Stand-Up Paddle Lessons

Last week, I achieved a goal that has been nagging at my to-do list since I first saw a figure gliding down the James River last summer on a surf-board looking thing: I signed up for a Stand-Up Paddle lesson.  After 150 short minutes on the water with a paddle in my hands and a board under my feet, I freely use the acronym, SUP, like I know what I’m doing. I also have seen and appreciated lots of parallels to how SUP relates to my life in general.  Please allow me to share.

1) You’re going to fall off your board.

Well, if you’re the other four people in my group SUP lesson, you won’t.  But if you’re me, you will fall in.  Twice.  I was the only kid in my ballet class to be denied pointe shoes when the time came, and those balance issues have followed me to present day.  Thing is, if you like being in the water like I do, falling off isn’t so bad – you get to swim!  And that stinky life jacket you’re wearing finally has a purpose.

Obvious metaphor here: we all bring our own difficulties and shortcomings to life, and sometimes may get derailed from what we had hoped or expected to do.  But the fall can bring a shift, and a chance to show that you have the gumption to get up again.  (Even if the instructor has to hang back with you and coach you through it.)

2) When you lose your balance, put your paddle in the water.

When I felt wobbly, I was tempted to use my paddle as a balance bar, as if I were up on the high wire in a sparkly unitard.  The counter-intuitive thing about SUP is that putting your paddle in the water and pushing forward even before you fully have your balance helps you find your balance.  Sort of like how you accelerate mid-curve while driving a windy road, to help pull you out of it.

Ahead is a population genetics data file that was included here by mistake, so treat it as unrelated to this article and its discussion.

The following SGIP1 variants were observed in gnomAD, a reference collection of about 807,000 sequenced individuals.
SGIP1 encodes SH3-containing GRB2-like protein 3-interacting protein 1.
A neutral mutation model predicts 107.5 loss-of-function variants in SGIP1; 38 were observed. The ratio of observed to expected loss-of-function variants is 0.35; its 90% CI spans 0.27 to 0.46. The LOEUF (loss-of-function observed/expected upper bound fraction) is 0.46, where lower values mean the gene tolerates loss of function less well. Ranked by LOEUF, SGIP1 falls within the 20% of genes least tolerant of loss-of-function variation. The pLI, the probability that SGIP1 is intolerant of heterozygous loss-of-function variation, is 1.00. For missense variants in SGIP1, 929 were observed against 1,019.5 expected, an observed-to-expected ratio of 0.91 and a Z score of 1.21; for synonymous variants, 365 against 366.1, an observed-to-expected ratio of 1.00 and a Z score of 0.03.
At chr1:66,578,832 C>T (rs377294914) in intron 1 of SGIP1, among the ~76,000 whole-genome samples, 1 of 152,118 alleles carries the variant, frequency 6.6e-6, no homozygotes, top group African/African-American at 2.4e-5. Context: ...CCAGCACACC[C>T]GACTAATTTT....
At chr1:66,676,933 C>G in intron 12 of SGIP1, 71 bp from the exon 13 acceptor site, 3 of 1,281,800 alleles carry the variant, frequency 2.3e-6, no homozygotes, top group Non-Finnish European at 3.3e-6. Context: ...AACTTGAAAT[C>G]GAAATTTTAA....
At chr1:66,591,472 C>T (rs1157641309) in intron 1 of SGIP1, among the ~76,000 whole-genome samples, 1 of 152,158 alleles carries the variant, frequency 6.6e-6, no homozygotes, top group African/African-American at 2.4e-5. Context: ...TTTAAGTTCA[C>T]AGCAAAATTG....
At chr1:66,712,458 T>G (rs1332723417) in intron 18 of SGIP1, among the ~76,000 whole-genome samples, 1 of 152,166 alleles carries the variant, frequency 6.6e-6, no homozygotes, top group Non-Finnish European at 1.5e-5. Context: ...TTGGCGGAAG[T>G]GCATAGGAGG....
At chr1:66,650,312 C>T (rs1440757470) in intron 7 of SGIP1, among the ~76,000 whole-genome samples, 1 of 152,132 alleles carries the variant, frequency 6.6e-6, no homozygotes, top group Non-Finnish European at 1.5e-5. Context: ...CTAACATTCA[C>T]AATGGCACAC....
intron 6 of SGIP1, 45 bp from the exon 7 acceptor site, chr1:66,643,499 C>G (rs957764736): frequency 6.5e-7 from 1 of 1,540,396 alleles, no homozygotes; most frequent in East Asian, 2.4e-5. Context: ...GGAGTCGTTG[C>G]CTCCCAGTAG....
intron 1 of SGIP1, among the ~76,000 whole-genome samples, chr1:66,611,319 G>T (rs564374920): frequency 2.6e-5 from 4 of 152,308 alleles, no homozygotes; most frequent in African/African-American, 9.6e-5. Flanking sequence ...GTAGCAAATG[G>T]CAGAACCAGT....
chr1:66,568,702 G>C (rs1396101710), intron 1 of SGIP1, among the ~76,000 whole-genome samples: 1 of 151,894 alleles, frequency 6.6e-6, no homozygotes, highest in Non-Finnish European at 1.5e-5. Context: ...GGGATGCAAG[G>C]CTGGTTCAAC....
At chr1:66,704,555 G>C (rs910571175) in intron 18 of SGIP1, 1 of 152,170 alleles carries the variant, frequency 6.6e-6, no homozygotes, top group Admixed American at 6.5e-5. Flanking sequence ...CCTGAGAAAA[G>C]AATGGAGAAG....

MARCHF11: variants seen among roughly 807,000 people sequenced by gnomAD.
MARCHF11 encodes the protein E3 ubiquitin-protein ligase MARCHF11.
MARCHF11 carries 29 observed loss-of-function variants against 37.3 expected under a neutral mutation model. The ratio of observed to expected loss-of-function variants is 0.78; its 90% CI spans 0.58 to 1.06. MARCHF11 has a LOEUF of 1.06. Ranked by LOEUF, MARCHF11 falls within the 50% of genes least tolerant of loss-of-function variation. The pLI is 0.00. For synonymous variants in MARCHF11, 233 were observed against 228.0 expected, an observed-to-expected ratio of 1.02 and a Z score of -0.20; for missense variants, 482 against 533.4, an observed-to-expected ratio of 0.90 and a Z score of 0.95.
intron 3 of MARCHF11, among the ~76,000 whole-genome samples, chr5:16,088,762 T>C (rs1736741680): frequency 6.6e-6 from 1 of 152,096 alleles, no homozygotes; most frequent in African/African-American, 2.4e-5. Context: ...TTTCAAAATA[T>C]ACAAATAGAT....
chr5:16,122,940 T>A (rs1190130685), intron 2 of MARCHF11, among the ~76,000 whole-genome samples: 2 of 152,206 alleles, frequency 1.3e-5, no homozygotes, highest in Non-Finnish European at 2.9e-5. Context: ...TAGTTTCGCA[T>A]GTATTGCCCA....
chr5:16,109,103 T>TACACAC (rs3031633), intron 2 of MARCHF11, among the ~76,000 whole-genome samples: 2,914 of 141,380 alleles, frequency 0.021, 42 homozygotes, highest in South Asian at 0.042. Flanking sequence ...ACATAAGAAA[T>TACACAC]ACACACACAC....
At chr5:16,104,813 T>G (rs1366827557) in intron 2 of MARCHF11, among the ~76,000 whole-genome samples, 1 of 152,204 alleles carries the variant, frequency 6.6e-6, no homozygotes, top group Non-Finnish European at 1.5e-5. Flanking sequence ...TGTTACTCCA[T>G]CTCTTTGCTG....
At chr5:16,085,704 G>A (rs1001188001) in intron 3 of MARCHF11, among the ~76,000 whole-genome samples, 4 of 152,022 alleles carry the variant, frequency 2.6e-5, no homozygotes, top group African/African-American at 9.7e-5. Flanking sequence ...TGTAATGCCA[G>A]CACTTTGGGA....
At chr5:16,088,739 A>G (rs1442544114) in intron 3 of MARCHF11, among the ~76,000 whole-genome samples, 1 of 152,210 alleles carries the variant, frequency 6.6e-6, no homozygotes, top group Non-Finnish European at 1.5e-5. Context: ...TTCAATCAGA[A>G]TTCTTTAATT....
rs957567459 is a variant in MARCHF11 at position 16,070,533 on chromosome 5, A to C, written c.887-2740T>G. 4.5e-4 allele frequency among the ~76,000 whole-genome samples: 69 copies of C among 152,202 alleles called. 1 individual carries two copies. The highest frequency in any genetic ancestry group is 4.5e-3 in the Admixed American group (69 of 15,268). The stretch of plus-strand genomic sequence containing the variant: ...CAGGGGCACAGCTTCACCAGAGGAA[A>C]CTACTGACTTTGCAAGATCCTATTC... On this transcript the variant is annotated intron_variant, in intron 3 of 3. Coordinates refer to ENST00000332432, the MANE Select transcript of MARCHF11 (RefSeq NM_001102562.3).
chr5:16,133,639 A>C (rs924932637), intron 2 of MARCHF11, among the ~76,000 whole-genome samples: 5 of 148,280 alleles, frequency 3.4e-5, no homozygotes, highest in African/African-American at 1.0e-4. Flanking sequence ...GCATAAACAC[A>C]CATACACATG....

It occurred to me that a lot of times, when we’re feeling uncertain about what’s coming up for us, we’re tempted to pull back and brace a bit for whatever may be coming.  SUP reminds me that staying in the thick of things and trusting the river to work with you will make it easier to gain your footing.

3) Every once in a while, shift.

Because I had fallen off my board twice already, I was pretty frozen into position once I did gain my balance.  It wasn’t until about an hour down the river, though, that I realized how frozen I was. My toes were cramping, all curled up and anxious.  Our instructor encouraged us to shift a bit – move this foot forward, this foot to the side.  And as much as I doubted my ability to do so while remaining upright, I went for it.  Water eased over the side of the board, I swiveled my hips a little, and pushed my paddle back into the classic j-stroke.

Comfort tempts us to settle in to routines and patterns, whether that’s hanging out with the same people, studying the same thing even if it doesn’t really feel like us anymore or thinking about things and other people the same way we always have.  Not only is it relieving to let go of something that can be cramp-inducing; it is refreshing to let the water of the shift roll over us as the river proves its trustiness in holding us up.

4) When you have your balance, take your paddle out of the water.

As much as being fully upright on that board made me feel connected to ancient river travel (and maybe made me feel a little bit awesome), my most serene moment on the river was when I took my paddle out of the water.  I eased down to a kneel, and then onto my back, stretching the length of my board.  My peripheral vision was full from horizon to horizon with water, trees, sky, birds, sky, trees and water again.  A couple of huge flocks of Canada geese cut through the muted pastel sunset, and the wind shook the leaves, making the trees look like they had gotten a chill.

For those of us who like to get the most we can out of our little lives, it’s hard not to have our paddles in the water – or our eyes on our to-do lists and our calendars full – all the time.  But as someone who can’t resist saying yes to every challenge, I’ve learned in spite of myself that our lives aren’t full if they don’t have some emptiness in them, too.  Space to rest, to listen, to let openness bring potential and renewal that would have been overlooked had I not taken my paddle out for a stroke or two.

Categories: Faculty & Staff Blogs, Other
  1. Bryan Smith
  2. Shawn Patrick McNulty

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